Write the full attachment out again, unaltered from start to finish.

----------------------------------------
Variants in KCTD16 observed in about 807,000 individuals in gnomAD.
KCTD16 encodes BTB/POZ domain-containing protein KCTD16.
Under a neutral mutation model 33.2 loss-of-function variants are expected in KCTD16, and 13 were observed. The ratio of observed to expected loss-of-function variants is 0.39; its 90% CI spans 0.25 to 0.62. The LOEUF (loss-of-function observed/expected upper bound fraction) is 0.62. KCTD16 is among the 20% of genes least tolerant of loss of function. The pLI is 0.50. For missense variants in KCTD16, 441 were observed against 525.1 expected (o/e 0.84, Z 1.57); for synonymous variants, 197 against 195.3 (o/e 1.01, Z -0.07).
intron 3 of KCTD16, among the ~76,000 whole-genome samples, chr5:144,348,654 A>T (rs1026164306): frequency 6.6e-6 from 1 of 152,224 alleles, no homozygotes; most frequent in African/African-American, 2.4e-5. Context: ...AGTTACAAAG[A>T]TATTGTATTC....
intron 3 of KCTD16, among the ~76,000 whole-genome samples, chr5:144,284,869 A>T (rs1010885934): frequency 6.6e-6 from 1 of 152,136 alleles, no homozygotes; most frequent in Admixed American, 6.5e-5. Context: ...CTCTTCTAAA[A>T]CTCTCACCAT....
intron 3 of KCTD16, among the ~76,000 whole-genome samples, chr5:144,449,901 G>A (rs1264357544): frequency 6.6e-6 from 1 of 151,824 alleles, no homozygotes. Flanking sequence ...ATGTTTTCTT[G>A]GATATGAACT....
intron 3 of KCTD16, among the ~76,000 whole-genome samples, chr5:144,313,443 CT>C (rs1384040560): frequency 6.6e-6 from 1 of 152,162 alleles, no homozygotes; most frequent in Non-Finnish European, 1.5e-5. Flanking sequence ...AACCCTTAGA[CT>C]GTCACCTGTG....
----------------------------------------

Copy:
Variants in KCTD16 observed in about 807,000 individuals in gnomAD.
KCTD16 encodes BTB/POZ domain-containing protein KCTD16.
Under a neutral mutation model 33.2 loss-of-function variants are expected in KCTD16, and 13 were observed. The ratio of observed to expected loss-of-function variants is 0.39; its 90% CI spans 0.25 to 0.62. The LOEUF (loss-of-function observed/expected upper bound fraction) is 0.62. KCTD16 is among the 20% of genes least tolerant of loss of function. The pLI is 0.50. For missense variants in KCTD16, 441 were observed against 525.1 expected (o/e 0.84, Z 1.57); for synonymous variants, 197 against 195.3 (o/e 1.01, Z -0.07).
intron 3 of KCTD16, among the ~76,000 whole-genome samples, chr5:144,348,654 A>T (rs1026164306): frequency 6.6e-6 from 1 of 152,224 alleles, no homozygotes; most frequent in African/African-American, 2.4e-5. Context: ...AGTTACAAAG[A>T]TATTGTATTC....
intron 3 of KCTD16, among the ~76,000 whole-genome samples, chr5:144,284,869 A>T (rs1010885934): frequency 6.6e-6 from 1 of 152,136 alleles, no homozygotes; most frequent in Admixed American, 6.5e-5. Context: ...CTCTTCTAAA[A>T]CTCTCACCAT....
intron 3 of KCTD16, among the ~76,000 whole-genome samples, chr5:144,449,901 G>A (rs1264357544): frequency 6.6e-6 from 1 of 151,824 alleles, no homozygotes. Flanking sequence ...ATGTTTTCTT[G>A]GATATGAACT....
intron 3 of KCTD16, among the ~76,000 whole-genome samples, chr5:144,313,443 CT>C (rs1384040560): frequency 6.6e-6 from 1 of 152,162 alleles, no homozygotes; most frequent in Non-Finnish European, 1.5e-5. Flanking sequence ...AACCCTTAGA[CT>C]GTCACCTGTG....